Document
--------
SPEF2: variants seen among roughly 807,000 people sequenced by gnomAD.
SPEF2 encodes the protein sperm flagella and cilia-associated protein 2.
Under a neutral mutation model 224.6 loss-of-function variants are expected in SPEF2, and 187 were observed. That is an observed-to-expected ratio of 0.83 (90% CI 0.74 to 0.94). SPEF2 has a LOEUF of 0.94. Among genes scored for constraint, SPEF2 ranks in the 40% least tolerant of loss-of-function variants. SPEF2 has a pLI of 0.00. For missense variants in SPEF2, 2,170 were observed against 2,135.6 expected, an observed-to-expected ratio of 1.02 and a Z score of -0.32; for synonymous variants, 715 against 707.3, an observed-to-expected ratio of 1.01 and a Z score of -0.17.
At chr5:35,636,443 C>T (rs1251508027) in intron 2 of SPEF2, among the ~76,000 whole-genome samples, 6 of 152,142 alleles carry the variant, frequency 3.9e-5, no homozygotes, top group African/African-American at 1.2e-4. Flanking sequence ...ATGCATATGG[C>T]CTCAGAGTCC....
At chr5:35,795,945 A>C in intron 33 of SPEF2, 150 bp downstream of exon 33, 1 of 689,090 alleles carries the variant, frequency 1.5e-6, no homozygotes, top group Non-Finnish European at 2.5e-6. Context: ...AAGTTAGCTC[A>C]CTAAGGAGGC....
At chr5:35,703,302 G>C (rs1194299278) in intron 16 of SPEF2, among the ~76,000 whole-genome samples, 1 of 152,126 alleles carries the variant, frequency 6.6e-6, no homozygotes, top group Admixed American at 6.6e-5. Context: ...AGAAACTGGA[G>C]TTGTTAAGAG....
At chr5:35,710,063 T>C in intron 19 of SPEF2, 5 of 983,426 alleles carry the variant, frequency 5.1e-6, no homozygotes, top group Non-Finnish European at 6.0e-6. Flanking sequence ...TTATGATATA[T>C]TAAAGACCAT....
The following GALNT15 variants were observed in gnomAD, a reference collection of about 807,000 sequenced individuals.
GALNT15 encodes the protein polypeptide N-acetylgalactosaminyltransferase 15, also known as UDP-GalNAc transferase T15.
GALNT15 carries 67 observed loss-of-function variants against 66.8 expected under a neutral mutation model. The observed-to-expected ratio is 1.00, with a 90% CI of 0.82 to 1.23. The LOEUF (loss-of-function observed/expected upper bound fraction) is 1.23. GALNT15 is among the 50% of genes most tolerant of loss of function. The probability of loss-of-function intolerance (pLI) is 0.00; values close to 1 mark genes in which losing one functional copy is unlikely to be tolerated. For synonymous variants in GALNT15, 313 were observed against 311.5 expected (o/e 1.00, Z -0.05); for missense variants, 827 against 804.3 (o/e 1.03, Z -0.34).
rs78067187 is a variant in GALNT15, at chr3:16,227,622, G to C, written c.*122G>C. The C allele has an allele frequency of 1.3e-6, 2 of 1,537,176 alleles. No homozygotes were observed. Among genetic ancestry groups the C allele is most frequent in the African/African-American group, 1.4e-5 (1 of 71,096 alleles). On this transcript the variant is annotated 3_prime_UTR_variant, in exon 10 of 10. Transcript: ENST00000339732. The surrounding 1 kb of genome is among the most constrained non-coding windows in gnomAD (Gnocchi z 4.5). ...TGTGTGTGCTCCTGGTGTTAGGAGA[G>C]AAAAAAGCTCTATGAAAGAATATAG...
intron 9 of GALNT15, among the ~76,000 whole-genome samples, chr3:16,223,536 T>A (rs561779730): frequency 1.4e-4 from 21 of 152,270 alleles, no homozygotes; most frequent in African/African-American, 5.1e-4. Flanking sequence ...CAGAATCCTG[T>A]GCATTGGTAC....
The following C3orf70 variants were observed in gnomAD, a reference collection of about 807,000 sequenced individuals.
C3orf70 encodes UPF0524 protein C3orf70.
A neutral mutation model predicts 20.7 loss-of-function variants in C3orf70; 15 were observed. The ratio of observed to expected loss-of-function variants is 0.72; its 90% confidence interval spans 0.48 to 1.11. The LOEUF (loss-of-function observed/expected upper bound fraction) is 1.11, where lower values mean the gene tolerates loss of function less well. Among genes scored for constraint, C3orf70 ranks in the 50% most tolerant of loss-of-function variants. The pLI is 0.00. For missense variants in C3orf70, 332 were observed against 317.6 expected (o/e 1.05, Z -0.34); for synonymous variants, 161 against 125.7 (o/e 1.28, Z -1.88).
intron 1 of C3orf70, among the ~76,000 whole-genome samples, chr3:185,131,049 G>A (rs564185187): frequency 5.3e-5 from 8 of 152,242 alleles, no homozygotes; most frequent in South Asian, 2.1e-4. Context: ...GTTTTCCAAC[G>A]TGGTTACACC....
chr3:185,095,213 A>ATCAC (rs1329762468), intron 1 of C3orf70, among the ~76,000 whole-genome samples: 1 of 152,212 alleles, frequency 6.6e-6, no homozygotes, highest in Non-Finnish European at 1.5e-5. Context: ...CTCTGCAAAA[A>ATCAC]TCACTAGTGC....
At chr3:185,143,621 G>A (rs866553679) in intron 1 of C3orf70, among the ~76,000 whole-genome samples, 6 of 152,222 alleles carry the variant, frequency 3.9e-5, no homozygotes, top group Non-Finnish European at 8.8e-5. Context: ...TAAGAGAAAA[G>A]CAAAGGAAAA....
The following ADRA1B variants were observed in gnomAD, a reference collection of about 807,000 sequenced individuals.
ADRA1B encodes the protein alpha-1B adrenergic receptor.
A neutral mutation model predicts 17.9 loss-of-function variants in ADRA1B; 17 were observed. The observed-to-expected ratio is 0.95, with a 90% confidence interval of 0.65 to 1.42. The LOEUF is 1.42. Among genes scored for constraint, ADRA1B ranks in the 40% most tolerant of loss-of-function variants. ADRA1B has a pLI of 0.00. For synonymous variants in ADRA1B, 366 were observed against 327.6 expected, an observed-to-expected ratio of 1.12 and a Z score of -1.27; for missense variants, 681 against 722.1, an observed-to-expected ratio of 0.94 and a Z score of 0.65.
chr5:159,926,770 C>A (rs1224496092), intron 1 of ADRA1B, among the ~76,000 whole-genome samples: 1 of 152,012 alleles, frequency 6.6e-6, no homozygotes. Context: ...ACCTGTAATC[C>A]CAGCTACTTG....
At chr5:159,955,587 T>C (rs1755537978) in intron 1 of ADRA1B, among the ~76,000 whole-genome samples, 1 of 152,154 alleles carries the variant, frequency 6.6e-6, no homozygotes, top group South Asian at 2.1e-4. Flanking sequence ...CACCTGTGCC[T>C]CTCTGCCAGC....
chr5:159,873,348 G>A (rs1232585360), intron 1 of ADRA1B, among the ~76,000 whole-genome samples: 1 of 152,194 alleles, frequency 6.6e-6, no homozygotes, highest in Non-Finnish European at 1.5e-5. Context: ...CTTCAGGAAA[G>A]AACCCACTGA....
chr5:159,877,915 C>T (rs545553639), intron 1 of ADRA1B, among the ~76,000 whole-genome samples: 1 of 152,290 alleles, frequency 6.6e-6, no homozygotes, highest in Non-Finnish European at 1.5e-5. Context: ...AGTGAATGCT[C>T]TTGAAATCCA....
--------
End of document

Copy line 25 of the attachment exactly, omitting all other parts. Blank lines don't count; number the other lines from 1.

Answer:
chr5:159,877,915 C>T (rs545553639), intron 1 of ADRA1B, among the ~76,000 whole-genome samples: 1 of 152,290 alleles, frequency 6.6e-6, no homozygotes, highest in Non-Finnish European at 1.5e-5. Context: ...AGTGAATGCT[C>T]TTGAAATCCA....